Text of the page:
Home Census People in North Macedonia are poorly educated, according to census data

People in North Macedonia are poorly educated, according to census data

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People in a cafe in Skopje, North Macedonia, April 28, 2021. Photo EPA-EFE/GEORGI LICOVSKI

More than 508,000 people in North Macedonia, more than a quarter of the population of 1.8 million, have had no formal education or started but did not complete high school, according to data on education and literacy census conducted last year.

Data recently released by the Office for National Statistics shows that over 23,000 people, or 1.5% of the population, have no formal education and over 62,000, or 4.1%, have no finished primary school.

A more worrying figure of 423,000 people have only completed primary school.

The head of the Statistics Office, Apostol Simovski, said the gap between education levels in urban and rural areas could explain the figure.

“We in [the capital] Skopje only sees a narrow picture, but if we look further, and I’m talking about rural areas, we will see many mature groups of people there who don’t have much education but are alive and well,” said Simovski.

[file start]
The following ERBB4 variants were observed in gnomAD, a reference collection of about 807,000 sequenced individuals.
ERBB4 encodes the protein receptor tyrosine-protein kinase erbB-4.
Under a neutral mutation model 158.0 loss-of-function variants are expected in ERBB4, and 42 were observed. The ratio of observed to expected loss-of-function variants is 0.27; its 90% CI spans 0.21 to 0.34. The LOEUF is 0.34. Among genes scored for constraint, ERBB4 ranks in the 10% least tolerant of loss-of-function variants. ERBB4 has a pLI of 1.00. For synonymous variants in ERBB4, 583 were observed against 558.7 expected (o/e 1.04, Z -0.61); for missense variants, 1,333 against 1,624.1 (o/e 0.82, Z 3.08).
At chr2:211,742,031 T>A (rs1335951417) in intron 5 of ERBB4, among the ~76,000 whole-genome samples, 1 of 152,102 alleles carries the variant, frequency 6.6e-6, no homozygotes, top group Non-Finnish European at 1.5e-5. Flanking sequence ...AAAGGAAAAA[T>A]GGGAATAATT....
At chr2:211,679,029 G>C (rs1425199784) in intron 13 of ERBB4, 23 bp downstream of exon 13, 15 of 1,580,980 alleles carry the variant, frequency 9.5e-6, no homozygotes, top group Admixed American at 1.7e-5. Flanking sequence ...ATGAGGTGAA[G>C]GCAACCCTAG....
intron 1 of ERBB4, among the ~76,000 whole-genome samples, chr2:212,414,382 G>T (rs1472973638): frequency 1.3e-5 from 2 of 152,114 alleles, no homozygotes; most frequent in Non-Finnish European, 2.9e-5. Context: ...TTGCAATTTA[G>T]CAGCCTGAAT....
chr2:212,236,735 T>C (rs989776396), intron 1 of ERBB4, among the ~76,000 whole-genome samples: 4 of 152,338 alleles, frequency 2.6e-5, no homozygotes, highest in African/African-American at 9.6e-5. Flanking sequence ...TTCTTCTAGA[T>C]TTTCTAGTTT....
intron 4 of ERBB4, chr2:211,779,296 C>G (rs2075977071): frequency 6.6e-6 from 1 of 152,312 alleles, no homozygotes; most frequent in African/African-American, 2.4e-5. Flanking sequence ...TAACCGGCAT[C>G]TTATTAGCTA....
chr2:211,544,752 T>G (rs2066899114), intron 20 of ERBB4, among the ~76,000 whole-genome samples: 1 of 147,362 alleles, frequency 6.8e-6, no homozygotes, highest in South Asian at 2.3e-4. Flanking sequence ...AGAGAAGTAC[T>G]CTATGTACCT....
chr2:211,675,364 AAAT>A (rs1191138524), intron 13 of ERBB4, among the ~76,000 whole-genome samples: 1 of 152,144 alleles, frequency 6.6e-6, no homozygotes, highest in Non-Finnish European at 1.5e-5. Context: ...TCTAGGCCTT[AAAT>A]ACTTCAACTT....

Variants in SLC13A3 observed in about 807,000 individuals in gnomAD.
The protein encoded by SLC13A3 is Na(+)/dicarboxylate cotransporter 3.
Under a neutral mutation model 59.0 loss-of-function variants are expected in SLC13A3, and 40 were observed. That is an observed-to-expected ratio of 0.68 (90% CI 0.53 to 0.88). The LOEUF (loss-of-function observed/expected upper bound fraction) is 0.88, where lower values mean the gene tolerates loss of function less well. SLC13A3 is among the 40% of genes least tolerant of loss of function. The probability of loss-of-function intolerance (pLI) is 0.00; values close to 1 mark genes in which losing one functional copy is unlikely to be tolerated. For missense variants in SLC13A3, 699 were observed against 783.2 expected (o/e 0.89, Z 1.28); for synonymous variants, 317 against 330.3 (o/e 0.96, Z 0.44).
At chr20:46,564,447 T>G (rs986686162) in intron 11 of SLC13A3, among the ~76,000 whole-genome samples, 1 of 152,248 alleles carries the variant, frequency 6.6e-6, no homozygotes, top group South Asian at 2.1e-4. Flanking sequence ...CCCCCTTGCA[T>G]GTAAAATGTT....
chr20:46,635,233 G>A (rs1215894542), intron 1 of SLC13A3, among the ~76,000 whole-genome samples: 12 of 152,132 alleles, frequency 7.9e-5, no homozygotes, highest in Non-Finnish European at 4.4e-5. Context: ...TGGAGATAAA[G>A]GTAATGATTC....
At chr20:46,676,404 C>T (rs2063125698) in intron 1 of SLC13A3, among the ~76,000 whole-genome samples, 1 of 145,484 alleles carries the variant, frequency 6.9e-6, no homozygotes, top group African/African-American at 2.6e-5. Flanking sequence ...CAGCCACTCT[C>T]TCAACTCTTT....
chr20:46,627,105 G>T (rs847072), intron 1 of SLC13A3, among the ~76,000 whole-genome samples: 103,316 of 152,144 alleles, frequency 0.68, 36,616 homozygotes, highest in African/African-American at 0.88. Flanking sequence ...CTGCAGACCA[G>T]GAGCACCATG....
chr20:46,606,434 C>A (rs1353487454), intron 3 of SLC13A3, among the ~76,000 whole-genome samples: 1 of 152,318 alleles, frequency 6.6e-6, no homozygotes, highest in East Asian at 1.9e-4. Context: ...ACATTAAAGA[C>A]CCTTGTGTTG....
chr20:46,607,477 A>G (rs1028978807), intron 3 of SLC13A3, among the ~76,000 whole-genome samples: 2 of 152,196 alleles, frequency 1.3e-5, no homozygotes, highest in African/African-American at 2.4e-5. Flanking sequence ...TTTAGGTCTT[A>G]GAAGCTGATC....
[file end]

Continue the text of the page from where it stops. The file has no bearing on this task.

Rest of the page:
He added that some of that number are still in school.

“The data refer to people over 15 years old. So there are many who have not finished high school but are in the process of doing so. [of doing so]. This should be taken into account,” Simovski said.

Recently published data reveals that about 19,000 people, or 1.2%, are illiterate. More than 13,000 of them are women.

With regard to higher education, the data shows that only 17% of the resident population has completed a university or university education.

Simovski said that number may actually be higher, but many of the more educated citizens have left the country and are therefore not represented in the data.

“We are producing graduates but that number is only [relevant] for the resident population. The vast majority of young people intend to leave. That’s why the percentage of highly educated people is so low,” he said.

Other data supports this claim, revealing a severe shortage of highly skilled professionals and scientists. Some 698 positions in these fields are vacant, no doubt a high number for such a small country.

After numerous delays over the past two decades, the country finally conducted a census in September last year and released the first data in March.

Since then, the State Statistical Office periodically releases batches of data on different areas of interest.